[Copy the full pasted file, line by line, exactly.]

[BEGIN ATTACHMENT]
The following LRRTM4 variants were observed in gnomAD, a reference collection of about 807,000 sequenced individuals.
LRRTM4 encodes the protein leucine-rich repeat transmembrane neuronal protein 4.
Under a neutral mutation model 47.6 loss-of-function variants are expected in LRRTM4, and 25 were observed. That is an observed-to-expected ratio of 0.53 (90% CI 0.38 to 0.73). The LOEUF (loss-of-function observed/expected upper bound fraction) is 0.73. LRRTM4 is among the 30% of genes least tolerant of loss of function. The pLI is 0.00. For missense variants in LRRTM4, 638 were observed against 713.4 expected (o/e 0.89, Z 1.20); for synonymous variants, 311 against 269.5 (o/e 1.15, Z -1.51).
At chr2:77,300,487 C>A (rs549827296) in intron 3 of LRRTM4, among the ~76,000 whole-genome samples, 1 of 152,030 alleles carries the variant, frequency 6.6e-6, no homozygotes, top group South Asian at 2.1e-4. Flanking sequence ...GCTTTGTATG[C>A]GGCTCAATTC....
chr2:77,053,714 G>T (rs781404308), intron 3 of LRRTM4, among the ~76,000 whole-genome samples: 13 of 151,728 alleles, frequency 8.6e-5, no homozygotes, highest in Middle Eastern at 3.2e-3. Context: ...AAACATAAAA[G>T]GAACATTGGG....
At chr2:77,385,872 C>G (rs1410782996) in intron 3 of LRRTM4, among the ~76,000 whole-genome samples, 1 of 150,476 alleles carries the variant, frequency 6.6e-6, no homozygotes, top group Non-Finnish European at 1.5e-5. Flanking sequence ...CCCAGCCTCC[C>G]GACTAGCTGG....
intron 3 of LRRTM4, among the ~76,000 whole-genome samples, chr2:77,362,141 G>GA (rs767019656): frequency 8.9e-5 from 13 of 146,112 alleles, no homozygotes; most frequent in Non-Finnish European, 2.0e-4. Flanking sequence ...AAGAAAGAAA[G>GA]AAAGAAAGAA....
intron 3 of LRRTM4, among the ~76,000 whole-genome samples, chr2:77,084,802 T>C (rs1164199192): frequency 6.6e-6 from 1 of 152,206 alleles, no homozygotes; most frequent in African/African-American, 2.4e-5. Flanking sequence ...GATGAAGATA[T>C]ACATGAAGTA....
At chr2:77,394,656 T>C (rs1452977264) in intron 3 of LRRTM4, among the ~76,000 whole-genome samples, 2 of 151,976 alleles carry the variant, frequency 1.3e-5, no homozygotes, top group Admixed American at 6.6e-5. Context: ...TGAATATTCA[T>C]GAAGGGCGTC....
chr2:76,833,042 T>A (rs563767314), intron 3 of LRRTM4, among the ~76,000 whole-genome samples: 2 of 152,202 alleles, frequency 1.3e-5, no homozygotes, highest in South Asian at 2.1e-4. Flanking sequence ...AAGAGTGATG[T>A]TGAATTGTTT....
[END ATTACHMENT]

The following LRRTM4 variants were observed in gnomAD, a reference collection of about 807,000 sequenced individuals.
LRRTM4 encodes the protein leucine-rich repeat transmembrane neuronal protein 4.
Under a neutral mutation model 47.6 loss-of-function variants are expected in LRRTM4, and 25 were observed. That is an observed-to-expected ratio of 0.53 (90% CI 0.38 to 0.73). The LOEUF (loss-of-function observed/expected upper bound fraction) is 0.73. LRRTM4 is among the 30% of genes least tolerant of loss of function. The pLI is 0.00. For missense variants in LRRTM4, 638 were observed against 713.4 expected (o/e 0.89, Z 1.20); for synonymous variants, 311 against 269.5 (o/e 1.15, Z -1.51).
At chr2:77,300,487 C>A (rs549827296) in intron 3 of LRRTM4, among the ~76,000 whole-genome samples, 1 of 152,030 alleles carries the variant, frequency 6.6e-6, no homozygotes, top group South Asian at 2.1e-4. Flanking sequence ...GCTTTGTATG[C>A]GGCTCAATTC....
chr2:77,053,714 G>T (rs781404308), intron 3 of LRRTM4, among the ~76,000 whole-genome samples: 13 of 151,728 alleles, frequency 8.6e-5, no homozygotes, highest in Middle Eastern at 3.2e-3. Context: ...AAACATAAAA[G>T]GAACATTGGG....
At chr2:77,385,872 C>G (rs1410782996) in intron 3 of LRRTM4, among the ~76,000 whole-genome samples, 1 of 150,476 alleles carries the variant, frequency 6.6e-6, no homozygotes, top group Non-Finnish European at 1.5e-5. Flanking sequence ...CCCAGCCTCC[C>G]GACTAGCTGG....
intron 3 of LRRTM4, among the ~76,000 whole-genome samples, chr2:77,362,141 G>GA (rs767019656): frequency 8.9e-5 from 13 of 146,112 alleles, no homozygotes; most frequent in Non-Finnish European, 2.0e-4. Flanking sequence ...AAGAAAGAAA[G>GA]AAAGAAAGAA....
intron 3 of LRRTM4, among the ~76,000 whole-genome samples, chr2:77,084,802 T>C (rs1164199192): frequency 6.6e-6 from 1 of 152,206 alleles, no homozygotes; most frequent in African/African-American, 2.4e-5. Flanking sequence ...GATGAAGATA[T>C]ACATGAAGTA....
At chr2:77,394,656 T>C (rs1452977264) in intron 3 of LRRTM4, among the ~76,000 whole-genome samples, 2 of 151,976 alleles carry the variant, frequency 1.3e-5, no homozygotes, top group Admixed American at 6.6e-5. Context: ...TGAATATTCA[T>C]GAAGGGCGTC....
chr2:76,833,042 T>A (rs563767314), intron 3 of LRRTM4, among the ~76,000 whole-genome samples: 2 of 152,202 alleles, frequency 1.3e-5, no homozygotes, highest in South Asian at 2.1e-4. Flanking sequence ...AAGAGTGATG[T>A]TGAATTGTTT....